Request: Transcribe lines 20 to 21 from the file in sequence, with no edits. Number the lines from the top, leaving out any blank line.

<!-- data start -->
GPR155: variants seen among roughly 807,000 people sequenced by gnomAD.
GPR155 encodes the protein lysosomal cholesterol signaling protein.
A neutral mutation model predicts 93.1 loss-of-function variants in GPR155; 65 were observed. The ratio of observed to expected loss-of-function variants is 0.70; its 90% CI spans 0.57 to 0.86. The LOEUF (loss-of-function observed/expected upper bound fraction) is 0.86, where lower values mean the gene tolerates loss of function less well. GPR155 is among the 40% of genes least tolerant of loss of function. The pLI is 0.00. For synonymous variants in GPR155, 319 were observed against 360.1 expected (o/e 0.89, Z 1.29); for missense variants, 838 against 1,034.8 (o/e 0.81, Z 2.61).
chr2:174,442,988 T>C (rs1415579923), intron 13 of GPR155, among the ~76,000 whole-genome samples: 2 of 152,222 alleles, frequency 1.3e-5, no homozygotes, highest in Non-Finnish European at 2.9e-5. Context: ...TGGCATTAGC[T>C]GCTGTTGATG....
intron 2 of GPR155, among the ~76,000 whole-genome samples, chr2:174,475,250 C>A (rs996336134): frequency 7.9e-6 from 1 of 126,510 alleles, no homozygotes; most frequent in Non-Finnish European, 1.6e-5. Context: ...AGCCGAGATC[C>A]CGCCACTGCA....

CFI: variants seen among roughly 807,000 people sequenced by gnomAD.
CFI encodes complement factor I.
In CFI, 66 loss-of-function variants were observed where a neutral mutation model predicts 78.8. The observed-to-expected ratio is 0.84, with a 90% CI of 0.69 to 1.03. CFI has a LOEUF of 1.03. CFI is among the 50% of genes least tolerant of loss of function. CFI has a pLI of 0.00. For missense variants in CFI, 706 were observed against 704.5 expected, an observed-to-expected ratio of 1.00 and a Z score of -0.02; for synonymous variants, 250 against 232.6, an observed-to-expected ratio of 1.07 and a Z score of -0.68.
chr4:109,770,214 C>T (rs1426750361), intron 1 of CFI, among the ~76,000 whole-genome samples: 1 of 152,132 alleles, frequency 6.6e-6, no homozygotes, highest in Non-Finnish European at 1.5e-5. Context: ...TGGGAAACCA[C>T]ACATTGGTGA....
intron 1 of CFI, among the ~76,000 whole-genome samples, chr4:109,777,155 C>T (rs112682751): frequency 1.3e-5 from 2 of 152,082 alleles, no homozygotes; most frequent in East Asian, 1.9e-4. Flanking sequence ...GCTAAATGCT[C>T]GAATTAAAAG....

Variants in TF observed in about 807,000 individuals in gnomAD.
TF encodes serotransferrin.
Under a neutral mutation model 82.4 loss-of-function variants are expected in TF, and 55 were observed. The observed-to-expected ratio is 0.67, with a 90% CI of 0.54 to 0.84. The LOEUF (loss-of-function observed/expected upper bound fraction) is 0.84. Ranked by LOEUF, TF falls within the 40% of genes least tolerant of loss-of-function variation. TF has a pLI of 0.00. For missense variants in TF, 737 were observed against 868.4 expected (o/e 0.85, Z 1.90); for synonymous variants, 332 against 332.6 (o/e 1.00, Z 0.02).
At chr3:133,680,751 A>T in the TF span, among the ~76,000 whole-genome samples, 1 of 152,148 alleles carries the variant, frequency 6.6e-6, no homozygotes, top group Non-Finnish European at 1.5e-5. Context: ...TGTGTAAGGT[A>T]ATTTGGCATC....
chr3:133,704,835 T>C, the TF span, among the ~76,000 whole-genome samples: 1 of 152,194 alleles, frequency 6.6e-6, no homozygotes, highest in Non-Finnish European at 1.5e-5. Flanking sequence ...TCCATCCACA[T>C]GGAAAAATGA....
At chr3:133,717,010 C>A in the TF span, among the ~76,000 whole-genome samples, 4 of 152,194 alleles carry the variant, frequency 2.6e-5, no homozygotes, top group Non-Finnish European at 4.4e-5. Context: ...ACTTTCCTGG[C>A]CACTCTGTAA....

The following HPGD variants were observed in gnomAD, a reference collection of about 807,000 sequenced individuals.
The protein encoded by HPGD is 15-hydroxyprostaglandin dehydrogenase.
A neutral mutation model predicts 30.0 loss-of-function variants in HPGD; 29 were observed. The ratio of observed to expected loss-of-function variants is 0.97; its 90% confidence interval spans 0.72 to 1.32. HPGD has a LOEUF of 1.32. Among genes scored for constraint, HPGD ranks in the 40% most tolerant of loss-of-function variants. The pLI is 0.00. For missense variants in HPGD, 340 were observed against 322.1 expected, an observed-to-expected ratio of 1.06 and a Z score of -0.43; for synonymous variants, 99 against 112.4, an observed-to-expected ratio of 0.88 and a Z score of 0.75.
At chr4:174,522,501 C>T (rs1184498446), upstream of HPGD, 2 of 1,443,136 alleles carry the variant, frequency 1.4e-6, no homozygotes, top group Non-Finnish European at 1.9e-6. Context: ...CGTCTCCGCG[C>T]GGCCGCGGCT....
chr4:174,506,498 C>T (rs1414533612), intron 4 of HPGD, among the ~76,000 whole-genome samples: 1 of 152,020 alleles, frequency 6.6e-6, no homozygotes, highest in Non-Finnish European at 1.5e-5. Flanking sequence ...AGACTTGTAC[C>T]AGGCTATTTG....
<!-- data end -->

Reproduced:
At chr4:174,522,501 C>T (rs1184498446), upstream of HPGD, 2 of 1,443,136 alleles carry the variant, frequency 1.4e-6, no homozygotes, top group Non-Finnish European at 1.9e-6. Context: ...CGTCTCCGCG[C>T]GGCCGCGGCT....
chr4:174,506,498 C>T (rs1414533612), intron 4 of HPGD, among the ~76,000 whole-genome samples: 1 of 152,020 alleles, frequency 6.6e-6, no homozygotes, highest in Non-Finnish European at 1.5e-5. Flanking sequence ...AGACTTGTAC[C>T]AGGCTATTTG....